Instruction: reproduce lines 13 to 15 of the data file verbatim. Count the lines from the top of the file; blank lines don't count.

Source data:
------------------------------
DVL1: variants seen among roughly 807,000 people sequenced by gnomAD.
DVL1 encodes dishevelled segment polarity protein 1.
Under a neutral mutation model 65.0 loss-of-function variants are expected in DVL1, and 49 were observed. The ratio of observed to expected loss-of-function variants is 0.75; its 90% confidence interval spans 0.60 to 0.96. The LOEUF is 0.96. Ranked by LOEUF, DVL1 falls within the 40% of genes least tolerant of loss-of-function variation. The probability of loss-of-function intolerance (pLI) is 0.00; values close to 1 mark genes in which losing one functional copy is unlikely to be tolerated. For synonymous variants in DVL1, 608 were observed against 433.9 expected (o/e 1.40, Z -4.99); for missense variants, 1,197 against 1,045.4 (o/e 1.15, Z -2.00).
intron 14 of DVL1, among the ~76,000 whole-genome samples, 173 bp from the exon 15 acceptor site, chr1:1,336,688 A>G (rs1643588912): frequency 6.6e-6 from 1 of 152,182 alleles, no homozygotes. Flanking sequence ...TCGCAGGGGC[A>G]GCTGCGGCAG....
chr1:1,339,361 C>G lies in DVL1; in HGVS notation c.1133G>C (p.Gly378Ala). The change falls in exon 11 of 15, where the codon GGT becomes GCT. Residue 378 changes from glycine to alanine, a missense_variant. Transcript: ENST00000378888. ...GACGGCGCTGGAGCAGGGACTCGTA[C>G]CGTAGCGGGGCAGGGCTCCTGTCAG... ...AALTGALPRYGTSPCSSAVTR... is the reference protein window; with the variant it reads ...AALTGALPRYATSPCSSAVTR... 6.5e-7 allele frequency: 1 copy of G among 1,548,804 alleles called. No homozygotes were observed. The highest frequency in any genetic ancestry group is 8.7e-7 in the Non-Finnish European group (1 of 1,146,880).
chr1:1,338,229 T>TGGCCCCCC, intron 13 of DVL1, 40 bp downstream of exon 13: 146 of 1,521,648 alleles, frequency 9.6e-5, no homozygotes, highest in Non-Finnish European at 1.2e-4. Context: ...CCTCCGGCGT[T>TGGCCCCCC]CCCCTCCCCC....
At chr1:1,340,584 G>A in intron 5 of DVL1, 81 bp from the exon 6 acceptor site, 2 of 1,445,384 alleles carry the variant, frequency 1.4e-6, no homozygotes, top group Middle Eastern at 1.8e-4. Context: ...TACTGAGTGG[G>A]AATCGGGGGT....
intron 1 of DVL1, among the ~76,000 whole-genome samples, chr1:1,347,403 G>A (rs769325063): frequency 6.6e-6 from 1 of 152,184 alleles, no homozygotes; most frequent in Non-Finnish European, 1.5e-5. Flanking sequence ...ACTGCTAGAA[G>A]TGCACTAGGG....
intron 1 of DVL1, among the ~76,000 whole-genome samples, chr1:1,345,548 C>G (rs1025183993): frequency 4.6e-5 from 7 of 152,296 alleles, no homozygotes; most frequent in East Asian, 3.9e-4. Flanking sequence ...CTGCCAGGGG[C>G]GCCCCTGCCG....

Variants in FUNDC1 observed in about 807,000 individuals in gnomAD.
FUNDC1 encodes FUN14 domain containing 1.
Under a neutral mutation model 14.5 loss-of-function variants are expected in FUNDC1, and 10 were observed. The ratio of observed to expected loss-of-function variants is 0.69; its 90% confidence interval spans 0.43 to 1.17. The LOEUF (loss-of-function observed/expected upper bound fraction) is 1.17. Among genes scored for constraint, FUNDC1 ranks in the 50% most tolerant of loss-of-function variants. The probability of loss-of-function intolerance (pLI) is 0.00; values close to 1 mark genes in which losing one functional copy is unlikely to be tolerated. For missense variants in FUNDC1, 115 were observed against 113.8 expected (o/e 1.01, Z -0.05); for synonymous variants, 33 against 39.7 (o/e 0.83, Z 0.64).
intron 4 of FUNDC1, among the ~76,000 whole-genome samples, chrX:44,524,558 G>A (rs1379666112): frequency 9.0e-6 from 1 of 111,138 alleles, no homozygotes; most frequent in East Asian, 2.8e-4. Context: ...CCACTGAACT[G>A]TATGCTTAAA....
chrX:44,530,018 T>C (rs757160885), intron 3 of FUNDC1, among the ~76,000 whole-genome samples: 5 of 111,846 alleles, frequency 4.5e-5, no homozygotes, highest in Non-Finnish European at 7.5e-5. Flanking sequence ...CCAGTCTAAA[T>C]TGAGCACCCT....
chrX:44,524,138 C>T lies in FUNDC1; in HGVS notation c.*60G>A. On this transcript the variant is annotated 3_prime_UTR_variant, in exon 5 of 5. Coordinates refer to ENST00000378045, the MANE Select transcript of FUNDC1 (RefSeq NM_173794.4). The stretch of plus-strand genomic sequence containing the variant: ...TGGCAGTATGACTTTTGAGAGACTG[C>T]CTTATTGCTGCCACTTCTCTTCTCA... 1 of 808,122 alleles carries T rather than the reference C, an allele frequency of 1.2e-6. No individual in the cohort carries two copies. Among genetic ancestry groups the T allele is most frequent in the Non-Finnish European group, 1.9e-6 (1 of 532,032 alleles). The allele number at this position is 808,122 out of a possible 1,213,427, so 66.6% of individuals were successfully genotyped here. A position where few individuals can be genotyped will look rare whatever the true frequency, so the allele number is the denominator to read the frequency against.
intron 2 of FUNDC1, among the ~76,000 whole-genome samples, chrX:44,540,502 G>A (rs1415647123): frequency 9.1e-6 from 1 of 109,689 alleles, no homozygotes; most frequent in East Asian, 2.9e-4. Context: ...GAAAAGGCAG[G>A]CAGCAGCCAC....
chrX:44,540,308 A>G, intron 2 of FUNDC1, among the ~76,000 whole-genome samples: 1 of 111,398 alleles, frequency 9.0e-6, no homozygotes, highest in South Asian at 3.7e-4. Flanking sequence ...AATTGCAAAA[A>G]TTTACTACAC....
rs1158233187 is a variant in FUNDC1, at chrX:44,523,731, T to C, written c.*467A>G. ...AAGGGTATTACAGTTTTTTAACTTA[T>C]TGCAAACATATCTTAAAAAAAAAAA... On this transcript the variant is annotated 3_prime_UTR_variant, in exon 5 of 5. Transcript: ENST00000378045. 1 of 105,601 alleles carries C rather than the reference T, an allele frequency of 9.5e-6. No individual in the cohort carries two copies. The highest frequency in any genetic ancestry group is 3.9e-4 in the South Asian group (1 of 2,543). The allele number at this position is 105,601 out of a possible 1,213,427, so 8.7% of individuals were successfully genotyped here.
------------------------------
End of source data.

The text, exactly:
intron 4 of FUNDC1, among the ~76,000 whole-genome samples, chrX:44,524,558 G>A (rs1379666112): frequency 9.0e-6 from 1 of 111,138 alleles, no homozygotes; most frequent in East Asian, 2.8e-4. Context: ...CCACTGAACT[G>A]TATGCTTAAA....
chrX:44,530,018 T>C (rs757160885), intron 3 of FUNDC1, among the ~76,000 whole-genome samples: 5 of 111,846 alleles, frequency 4.5e-5, no homozygotes, highest in Non-Finnish European at 7.5e-5. Flanking sequence ...CCAGTCTAAA[T>C]TGAGCACCCT....
chrX:44,524,138 C>T lies in FUNDC1; in HGVS notation c.*60G>A. On this transcript the variant is annotated 3_prime_UTR_variant, in exon 5 of 5. Coordinates refer to ENST00000378045, the MANE Select transcript of FUNDC1 (RefSeq NM_173794.4). The stretch of plus-strand genomic sequence containing the variant: ...TGGCAGTATGACTTTTGAGAGACTG[C>T]CTTATTGCTGCCACTTCTCTTCTCA... 1 of 808,122 alleles carries T rather than the reference C, an allele frequency of 1.2e-6. No individual in the cohort carries two copies. Among genetic ancestry groups the T allele is most frequent in the Non-Finnish European group, 1.9e-6 (1 of 532,032 alleles). The allele number at this position is 808,122 out of a possible 1,213,427, so 66.6% of individuals were successfully genotyped here. A position where few individuals can be genotyped will look rare whatever the true frequency, so the allele number is the denominator to read the frequency against.